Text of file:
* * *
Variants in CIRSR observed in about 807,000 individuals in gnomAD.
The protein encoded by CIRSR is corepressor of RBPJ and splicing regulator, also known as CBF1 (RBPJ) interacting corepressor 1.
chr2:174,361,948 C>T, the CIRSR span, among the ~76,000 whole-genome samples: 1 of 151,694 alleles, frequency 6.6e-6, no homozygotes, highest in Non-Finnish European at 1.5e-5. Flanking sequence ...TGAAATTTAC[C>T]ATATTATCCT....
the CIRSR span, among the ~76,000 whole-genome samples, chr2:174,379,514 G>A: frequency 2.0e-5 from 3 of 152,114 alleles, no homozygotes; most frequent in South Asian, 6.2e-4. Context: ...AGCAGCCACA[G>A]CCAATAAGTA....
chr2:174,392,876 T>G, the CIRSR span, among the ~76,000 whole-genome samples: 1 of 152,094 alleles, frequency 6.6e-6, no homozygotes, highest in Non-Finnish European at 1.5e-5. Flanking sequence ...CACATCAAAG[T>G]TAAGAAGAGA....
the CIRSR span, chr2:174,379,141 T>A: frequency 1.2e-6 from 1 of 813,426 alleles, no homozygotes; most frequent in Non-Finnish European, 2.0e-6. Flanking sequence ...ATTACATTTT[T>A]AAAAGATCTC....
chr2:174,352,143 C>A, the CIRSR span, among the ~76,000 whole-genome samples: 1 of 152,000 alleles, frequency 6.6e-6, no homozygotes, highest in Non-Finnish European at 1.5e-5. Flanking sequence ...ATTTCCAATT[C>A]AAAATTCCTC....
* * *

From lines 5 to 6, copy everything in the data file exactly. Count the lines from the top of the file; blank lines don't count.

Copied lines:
chr2:174,392,876 T>G, the CIRSR span, among the ~76,000 whole-genome samples: 1 of 152,094 alleles, frequency 6.6e-6, no homozygotes, highest in Non-Finnish European at 1.5e-5. Flanking sequence ...CACATCAAAG[T>G]TAAGAAGAGA....
the CIRSR span, chr2:174,379,141 T>A: frequency 1.2e-6 from 1 of 813,426 alleles, no homozygotes; most frequent in Non-Finnish European, 2.0e-6. Flanking sequence ...ATTACATTTT[T>A]AAAAGATCTC....